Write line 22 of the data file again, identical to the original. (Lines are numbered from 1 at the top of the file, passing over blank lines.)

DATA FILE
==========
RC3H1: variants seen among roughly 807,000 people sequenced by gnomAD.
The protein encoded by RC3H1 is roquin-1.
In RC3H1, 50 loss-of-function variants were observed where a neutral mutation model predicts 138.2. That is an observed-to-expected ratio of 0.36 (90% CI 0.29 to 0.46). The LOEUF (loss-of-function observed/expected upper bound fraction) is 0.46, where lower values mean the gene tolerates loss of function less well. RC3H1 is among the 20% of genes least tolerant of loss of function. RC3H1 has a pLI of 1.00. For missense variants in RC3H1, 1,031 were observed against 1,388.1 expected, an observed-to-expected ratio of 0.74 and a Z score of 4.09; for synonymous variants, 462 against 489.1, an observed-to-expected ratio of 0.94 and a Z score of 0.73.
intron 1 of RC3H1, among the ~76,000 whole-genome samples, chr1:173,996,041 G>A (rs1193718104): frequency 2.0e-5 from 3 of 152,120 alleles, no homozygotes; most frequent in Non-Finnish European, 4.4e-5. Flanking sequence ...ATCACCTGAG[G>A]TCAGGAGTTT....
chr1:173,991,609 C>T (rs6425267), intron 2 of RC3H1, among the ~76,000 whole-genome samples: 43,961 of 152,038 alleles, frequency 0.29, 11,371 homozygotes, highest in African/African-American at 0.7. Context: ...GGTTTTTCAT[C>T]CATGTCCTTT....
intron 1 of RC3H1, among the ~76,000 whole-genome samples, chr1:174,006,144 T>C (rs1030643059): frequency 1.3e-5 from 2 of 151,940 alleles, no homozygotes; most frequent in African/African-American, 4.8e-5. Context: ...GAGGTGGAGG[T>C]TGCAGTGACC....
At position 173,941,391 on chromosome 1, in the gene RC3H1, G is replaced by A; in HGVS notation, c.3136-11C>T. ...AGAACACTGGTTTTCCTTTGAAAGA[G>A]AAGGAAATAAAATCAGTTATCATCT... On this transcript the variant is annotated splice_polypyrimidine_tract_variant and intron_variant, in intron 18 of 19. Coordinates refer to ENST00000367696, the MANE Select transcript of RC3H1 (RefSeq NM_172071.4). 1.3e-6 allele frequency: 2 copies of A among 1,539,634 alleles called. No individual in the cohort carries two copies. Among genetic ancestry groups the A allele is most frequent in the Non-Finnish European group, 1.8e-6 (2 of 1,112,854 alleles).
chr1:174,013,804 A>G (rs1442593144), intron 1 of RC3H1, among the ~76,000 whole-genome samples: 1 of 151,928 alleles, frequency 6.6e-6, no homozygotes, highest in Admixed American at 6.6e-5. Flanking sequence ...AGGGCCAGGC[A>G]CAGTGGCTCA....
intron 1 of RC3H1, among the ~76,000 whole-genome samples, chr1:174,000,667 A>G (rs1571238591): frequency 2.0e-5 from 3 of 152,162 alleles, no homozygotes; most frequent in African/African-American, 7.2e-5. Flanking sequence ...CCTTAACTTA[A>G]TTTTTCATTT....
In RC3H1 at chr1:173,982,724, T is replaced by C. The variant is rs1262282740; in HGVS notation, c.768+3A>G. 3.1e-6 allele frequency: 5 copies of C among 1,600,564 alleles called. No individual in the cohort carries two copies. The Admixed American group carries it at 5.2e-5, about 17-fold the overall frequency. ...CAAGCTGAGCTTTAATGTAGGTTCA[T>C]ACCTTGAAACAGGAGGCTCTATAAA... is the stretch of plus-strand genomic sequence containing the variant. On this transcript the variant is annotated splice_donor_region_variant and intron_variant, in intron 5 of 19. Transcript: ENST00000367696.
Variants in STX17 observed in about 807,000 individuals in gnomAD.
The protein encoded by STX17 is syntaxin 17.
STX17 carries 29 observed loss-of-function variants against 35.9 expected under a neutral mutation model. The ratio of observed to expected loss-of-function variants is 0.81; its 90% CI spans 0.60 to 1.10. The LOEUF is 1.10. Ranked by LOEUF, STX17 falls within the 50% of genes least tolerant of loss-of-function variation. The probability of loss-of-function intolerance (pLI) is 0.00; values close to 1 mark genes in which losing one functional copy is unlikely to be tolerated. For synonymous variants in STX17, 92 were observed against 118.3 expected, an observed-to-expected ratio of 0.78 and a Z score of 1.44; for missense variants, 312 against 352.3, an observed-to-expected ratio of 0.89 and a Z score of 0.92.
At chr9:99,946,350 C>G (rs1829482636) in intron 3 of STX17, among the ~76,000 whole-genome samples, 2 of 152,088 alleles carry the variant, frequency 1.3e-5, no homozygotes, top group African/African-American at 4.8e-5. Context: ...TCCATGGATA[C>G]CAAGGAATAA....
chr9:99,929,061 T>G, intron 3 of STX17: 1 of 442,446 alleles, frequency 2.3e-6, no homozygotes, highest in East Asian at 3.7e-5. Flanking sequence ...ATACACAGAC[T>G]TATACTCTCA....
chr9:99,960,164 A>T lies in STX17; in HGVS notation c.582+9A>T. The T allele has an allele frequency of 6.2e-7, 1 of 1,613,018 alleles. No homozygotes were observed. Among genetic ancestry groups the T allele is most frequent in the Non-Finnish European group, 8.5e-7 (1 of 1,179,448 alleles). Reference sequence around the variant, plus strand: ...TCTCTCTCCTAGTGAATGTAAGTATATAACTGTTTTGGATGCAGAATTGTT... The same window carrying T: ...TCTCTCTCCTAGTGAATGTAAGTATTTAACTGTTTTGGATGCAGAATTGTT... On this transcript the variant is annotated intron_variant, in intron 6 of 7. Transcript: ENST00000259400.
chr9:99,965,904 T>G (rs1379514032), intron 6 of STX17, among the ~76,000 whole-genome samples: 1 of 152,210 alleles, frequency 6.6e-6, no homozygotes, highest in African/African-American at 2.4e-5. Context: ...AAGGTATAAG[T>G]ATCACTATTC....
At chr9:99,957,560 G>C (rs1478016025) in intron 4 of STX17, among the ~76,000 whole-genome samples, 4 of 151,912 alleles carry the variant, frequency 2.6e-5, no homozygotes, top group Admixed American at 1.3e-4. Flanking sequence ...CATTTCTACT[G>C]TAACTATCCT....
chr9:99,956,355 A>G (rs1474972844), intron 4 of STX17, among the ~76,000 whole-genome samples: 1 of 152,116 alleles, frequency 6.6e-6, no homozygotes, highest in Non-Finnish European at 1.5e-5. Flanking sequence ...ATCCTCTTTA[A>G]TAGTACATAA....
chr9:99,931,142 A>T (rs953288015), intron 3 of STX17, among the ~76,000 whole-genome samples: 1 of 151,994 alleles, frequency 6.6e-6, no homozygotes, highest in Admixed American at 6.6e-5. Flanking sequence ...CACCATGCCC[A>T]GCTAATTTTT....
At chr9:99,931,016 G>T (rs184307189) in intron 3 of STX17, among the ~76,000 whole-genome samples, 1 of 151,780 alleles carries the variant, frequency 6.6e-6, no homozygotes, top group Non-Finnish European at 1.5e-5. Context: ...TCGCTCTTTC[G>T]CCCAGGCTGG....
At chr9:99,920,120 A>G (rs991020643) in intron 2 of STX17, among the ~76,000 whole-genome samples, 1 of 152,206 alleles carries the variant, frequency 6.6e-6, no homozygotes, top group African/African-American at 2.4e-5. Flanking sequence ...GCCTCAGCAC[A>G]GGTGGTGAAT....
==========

At chr9:99,920,120 A>G (rs991020643) in intron 2 of STX17, among the ~76,000 whole-genome samples, 1 of 152,206 alleles carries the variant, frequency 6.6e-6, no homozygotes, top group African/African-American at 2.4e-5. Flanking sequence ...GCCTCAGCAC[A>G]GGTGGTGAAT....